|TARP, Financial Services and Bailouts of Public and Private Programs ||Patrick McHenry (R-NC) ||Michael Quigley (D-IL) |
Source: U.S. House of Representatives website, www.house.gov 11-HC-OGR on Feb 3, 2011
|Technology, Information Policy, Intergovernmental Relations and Procurement Reform ||James Lankford (R-OK) ||Gerry Connolly (D-VA)|
No photo IDs to vote; they suppress the vote.
Turner signed Voting Rights Amendment Act
Congressional Summary:Amends the Voting Rights Act of 1965 with respect to the requirement that a federal court retain jurisdiction for an appropriate period to prevent commencement of new devices to deny or abridge the right to vote. Expands the types of violations triggering the authority of a court to retain such jurisdiction to include certain violations of the Act as well as violations of any federal voting rights law that prohibits discrimination on the basis of race, color, or membership in a language minority group. [This bill would ban requiring photo IDs in order to vote].
Opponents recommend voting NO because:Sen. Bob Dole (on related bill from 2007, whether to add an amendment allowing photo ID): I am proposing a commonsense measure to uphold the integrity of Federal elections. My amendment to require voters to show photo identification at the polls would go a long way in minimizing potential for voter fraud. When a fraudulent vote is cast
and counted, the vote of a legitimate voter is cancelled. This is wrong, and my amendment would help ensure that one of the hallmarks of our democracy, our free and fair elections, is protected. Opinion polls repeatedly confirm that Americans overwhelmingly support this initiative.
Proponents support voting YES because:Sen. Dianne Feinstein (on related bill from 2007): If one would want to suppress the vote in the 2008 election, one would vote [for Dole's amendment] this because this measure goes into effect January 1, 2008. It provides that everybody who votes essentially would have to have a photo ID. If you want to suppress the minority vote, the elderly vote, the poor vote, this is exactly the way to do it. Many of these people do not have driver's licenses. This amendment would cost hundreds of millions of dollars to actually carry out. It goes into effect--surprise--January 1, 2008 [to affect the presidential election].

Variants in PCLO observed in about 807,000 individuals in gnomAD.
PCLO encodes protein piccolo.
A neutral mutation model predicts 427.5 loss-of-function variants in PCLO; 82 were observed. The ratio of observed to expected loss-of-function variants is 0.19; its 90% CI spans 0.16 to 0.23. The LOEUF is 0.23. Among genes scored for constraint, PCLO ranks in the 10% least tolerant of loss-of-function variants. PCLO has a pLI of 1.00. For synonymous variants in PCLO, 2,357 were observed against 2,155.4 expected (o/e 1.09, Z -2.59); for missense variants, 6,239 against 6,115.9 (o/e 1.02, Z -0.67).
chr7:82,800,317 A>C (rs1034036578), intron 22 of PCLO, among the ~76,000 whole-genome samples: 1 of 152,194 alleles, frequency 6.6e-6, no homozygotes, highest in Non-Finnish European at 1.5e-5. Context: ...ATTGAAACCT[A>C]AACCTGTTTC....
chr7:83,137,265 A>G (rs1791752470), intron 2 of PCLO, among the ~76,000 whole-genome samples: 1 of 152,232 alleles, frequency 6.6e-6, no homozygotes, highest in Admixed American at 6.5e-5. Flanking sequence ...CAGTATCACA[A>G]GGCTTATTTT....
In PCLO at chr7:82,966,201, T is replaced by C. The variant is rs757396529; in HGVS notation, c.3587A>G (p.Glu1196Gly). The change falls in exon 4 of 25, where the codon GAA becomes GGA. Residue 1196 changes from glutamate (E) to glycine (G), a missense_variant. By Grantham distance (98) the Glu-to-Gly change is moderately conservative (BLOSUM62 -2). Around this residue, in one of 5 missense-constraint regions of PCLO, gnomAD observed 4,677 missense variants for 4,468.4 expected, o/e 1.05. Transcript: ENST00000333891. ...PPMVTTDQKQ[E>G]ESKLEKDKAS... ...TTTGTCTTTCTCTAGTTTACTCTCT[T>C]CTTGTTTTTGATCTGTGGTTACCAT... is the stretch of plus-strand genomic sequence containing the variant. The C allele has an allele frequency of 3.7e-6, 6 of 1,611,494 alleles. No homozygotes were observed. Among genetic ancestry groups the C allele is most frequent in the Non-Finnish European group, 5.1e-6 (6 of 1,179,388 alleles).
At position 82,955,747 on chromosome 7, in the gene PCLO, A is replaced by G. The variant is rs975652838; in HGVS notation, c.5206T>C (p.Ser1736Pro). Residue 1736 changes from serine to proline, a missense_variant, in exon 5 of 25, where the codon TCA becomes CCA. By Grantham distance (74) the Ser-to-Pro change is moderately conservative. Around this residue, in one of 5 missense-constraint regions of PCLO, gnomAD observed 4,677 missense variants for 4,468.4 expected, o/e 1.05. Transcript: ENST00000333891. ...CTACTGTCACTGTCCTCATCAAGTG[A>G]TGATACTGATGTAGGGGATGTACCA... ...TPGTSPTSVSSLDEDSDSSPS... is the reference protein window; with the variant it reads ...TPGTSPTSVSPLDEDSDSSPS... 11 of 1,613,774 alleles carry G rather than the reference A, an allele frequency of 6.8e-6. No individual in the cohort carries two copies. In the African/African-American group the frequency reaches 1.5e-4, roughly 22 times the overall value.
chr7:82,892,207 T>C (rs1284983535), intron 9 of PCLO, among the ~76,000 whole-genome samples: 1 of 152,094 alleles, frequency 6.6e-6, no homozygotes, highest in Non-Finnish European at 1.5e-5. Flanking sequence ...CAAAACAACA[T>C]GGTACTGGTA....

Source: H.R.3899/S.1945 14_H3899 on Jan 16, 2014
No holiday on election day; no same-day registration.
Turner voted NAY For the People Act of 2019
- This bill expands voter registration and voting access, makes Election Day a federal holiday, and limits removing voters from voter rolls.
- The bill provides for states to establish independent, nonpartisan redistricting commissions.
- The bill also sets forth provisions for sharing intelligence information with state election officials, and supporting states in securing their election systems, and establishing the National Commission to Protect U.S. Democratic Institutions.
- This bill addresses campaign spending, by expanding the ban on foreign nationals contributing to or spending on elections; and expanding disclosure rules.
- This bill establishes an alternative campaign funding system [with] federal matching of small contributions for qualified candidates.
- The bill also requires candidates for President and Vice President to submit 10 years of tax returns.
Opposing argument from the Heritage Foundation, 2/1/2019: HR1 federalizes and micromanages
the election process administered by the states, imposing unnecessary mandates on the states and reversing the decentralization of the American election process. What HR1 Would Do:
- Seize the authority of states to regulate the voting process by forcing states to implement early voting, automatic voter registration, same-day registration, online voter registration, and no-fault absentee balloting.
- Make it easier to commit fraud at the polls through same-day registration, as election officials have no time to verify the accuracy of voter registration.
- Degrade the accuracy of registration lists by automatically registering individuals from state databases, such as DMV.
- Cripple the effectiveness of state voter ID laws by allowing individuals to vote without an ID and merely signing a statement in which they claim they are who they say they are.
Legislative outcome: Passed House 234-193-5 on 3/8/19; received with no action in Senate thru 12/31/2019
Source: Supreme Court case 19-S949 argued on Jan 3, 2019
Unelected bureaucracy exists to serve the elected president.
Turner signed Minority Report of the House Permanent Select Committee on Intelligence
In our system of government, power resides with the American people, who delegate executive power to the President through an election once every four years. Unelected officials and career bureaucrats assist in the execution of the laws. The unelected bureaucracy exists to serve the elected representatives of the American people. The Democrats' impeachment narrative flips our system on its head in service of their political ambitions.
The Democrats' impeachment inquiry, led by House Intelligence Committee Chairman Adam Schiff, is merely the outgrowth of their obsession with re-litigating the results of the 2016 presidential election. Despite their best efforts, the evidence gathered during the Democrats' partisan and one-sided impeachment inquiry does not support that President Trump pressured Ukraine to investigate his political rival to benefit the President in the 2020 presidential election. The evidence does not establish any impeachable offense.
Source: Report of Evidence in the Democrats' Impeachment Inquiry Impeach7 on Dec 2, 2019
Page last updated: Jun 07, 2020